Like the hero of The Time Traveler’s Wife (who constantly finds himself jumping from random year to random year in the life of his partner), Benjamin Button (who is born as an old man and then ages backwards), Virginia Woolf’s Orlando (who like Tom, doesn’t age much from Tudor times onward but also changes sex) and the main character in the recent film The Age of Adaline (who remains in her late twenties for sixty years and ends up with an old lady as a daughter), Tom ultimately finds his long life less a blessing and a curse, particularly as he struggles to form relationships with any normal person (or “Mayfly”).

It’s a superb premise and a compelling read. Hazard undergoes all manner of human experiences ranging from the grim brutality of the 17th century witch-hunts to the joys of the Jazz Age. Like many characters in these situations, he has an uncanny Flashman-like ability to bump into famous people along the way, an encounter with author F. Scott Fitzgerald, recalling a similar encounter in Woody Allen’s time travelling film Midnight In Paris.

Matt Haig is one of Britain’s finest novelists and while this may slightly lack the emotional punch of some of his other novels (such as The Humans), there is still a simple joy in witnessing Tom’s experiences throughout the centuries as he struggles to find reasons to stay alive.

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Book Review: Gilliamesque by Terry Gilliam

For more on Terry Gilliam, see my feature The Imaginarium of Terry Gilliam in issue 14 of Geeky Monkey magazine.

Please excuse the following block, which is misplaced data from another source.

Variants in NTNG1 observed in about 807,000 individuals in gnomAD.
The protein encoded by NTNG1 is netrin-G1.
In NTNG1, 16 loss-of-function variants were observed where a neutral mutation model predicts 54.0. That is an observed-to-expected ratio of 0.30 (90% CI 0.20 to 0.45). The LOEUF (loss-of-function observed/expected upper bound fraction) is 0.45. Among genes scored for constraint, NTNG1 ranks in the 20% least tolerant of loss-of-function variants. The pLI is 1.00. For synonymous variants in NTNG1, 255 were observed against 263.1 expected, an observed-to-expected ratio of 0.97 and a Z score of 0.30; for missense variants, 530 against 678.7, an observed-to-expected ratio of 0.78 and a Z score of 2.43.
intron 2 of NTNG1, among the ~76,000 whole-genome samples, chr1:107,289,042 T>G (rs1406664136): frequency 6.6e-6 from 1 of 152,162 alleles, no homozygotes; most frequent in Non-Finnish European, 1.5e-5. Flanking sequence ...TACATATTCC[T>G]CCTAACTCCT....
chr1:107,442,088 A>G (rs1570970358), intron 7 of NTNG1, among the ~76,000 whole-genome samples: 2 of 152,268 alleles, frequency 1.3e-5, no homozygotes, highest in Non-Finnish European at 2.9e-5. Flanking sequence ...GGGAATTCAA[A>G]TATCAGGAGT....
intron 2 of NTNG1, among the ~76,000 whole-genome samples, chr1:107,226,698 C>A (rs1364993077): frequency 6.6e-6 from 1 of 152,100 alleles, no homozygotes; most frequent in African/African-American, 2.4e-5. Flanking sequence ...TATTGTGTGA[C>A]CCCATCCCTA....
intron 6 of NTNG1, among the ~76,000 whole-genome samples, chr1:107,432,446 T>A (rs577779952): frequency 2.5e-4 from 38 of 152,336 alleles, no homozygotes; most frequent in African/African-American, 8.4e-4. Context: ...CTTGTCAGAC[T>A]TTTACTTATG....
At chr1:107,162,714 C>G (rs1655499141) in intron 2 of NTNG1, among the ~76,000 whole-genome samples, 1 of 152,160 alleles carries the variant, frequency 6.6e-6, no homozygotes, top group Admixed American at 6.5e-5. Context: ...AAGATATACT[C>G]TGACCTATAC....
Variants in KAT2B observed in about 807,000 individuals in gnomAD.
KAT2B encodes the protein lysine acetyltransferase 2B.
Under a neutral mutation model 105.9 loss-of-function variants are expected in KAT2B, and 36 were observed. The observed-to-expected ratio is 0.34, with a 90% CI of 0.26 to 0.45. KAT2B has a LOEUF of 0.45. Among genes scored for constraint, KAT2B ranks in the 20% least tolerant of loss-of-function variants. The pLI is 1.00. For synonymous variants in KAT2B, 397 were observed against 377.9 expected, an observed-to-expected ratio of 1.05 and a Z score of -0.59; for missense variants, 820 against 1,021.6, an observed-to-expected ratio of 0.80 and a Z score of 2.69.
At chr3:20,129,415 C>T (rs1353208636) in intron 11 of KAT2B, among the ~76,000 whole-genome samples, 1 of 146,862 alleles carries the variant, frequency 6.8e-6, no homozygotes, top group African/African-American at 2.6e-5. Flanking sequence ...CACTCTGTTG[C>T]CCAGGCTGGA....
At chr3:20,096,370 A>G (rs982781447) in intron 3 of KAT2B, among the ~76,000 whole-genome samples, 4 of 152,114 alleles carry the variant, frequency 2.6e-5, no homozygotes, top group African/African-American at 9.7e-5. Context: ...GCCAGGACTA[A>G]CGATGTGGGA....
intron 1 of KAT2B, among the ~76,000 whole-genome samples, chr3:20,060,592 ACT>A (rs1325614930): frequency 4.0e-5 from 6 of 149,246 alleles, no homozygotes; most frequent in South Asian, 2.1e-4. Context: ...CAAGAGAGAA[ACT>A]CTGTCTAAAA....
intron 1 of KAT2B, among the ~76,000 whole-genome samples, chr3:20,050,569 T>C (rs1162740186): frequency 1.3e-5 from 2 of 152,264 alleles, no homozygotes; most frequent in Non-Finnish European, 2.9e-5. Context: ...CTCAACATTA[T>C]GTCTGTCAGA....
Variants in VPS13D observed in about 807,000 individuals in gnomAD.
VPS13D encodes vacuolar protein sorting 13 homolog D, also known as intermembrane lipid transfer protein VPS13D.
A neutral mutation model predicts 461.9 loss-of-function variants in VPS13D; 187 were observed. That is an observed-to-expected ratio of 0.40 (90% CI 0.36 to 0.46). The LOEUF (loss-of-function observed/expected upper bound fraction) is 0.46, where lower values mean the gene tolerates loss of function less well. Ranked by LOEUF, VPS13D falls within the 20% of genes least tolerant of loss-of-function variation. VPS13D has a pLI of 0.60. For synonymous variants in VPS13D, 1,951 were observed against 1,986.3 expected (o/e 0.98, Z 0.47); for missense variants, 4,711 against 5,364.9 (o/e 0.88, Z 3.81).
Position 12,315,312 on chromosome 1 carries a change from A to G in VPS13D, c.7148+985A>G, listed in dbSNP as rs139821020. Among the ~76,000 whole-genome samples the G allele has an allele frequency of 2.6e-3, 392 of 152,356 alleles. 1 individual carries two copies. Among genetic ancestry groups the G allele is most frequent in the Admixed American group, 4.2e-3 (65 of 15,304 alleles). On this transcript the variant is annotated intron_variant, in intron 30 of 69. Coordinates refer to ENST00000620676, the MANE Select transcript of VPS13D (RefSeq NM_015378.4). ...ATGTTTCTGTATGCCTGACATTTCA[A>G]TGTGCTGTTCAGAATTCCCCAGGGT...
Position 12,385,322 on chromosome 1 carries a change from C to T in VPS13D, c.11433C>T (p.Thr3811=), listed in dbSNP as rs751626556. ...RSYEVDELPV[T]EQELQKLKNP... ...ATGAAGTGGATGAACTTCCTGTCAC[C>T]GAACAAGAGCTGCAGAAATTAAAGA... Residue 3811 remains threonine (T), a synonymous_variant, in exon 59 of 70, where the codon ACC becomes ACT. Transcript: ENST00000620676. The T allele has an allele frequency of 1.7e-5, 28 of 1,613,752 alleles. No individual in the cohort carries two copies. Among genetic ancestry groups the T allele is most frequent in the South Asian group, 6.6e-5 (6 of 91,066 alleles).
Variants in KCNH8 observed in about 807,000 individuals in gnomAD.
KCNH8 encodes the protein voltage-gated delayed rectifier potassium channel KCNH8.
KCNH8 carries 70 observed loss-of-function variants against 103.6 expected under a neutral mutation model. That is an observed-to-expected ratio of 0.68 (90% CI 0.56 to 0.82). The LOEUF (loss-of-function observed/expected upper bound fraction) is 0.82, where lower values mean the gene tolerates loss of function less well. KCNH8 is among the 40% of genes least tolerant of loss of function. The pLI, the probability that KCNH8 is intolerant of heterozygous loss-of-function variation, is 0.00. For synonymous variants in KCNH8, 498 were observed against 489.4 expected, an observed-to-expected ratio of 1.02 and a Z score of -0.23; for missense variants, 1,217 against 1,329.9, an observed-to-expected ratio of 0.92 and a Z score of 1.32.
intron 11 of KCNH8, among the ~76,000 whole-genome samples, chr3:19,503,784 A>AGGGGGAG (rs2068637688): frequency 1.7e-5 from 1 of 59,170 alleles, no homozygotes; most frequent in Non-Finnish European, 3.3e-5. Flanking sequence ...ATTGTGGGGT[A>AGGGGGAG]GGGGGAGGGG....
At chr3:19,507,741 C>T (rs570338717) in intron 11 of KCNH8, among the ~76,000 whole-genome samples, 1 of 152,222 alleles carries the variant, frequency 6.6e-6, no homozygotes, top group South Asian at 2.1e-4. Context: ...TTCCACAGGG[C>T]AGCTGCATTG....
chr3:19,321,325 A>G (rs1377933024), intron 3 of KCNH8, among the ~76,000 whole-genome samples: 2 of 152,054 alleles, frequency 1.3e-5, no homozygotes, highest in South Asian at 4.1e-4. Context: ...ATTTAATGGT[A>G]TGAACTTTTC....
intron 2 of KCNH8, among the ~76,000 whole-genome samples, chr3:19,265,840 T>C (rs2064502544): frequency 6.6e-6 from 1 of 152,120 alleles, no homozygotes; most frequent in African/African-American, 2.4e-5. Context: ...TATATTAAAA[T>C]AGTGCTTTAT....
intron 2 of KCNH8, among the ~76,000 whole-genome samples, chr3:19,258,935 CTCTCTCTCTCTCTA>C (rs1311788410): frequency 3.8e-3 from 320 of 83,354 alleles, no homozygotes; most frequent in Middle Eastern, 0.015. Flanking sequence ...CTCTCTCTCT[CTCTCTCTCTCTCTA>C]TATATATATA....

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Gilliamesque: A Pre-Posthumous Memoir by Terry Gilliam, published by Canongate, 2016

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Terry Gilliam has always stood out from the crowd.

Even when in Monty Python, he stood out somewhat as the one American. Slightly odd looking, he mostly remained off screen at first, producing instead the celebrated animated sequences (for example, during the series’ opening titles sequences) for which he became famous. Nearly fifty years on, this book, his memoir is illustrated throughout in a similarly unique style.

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Like many people called Terry (Terry Pratchett, Terry Brooks, fellow Python Terry Jones, er, Terry Scott?). Gilliam found himself drawn to the fantasy genre. His directing career began awkwardly with co-directing Python ventures with Jones. Although mostly good films in the end, they were tough shoots with Jones and Gilliam gently wrestling for overall control and the likes of Cleese and Palin losing patience with the American who they felt treated them like they were bits of animated card.

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Gilliam really came into his own in the first half of the Eighties with brilliantly imaginative fantasies like Time Bandits and Brazil. He’s had many fine moments since – notably The Fisher King and Twelve Monkeys  and has undeniably developed a unique visual style. Despite this, he has never developed a reputation for being a safe pair of hands, largely due to high profile flops like The Adventures of Baron Munchausen (1988) and The Adventures of Don Quixote which never even completed filming.

Though he sometimes adopts an overly defensive tone when discussing his own films, Gilliam makes for an engaging likeable narrator on his own life. The world of cinema would certainly have been poorer without him.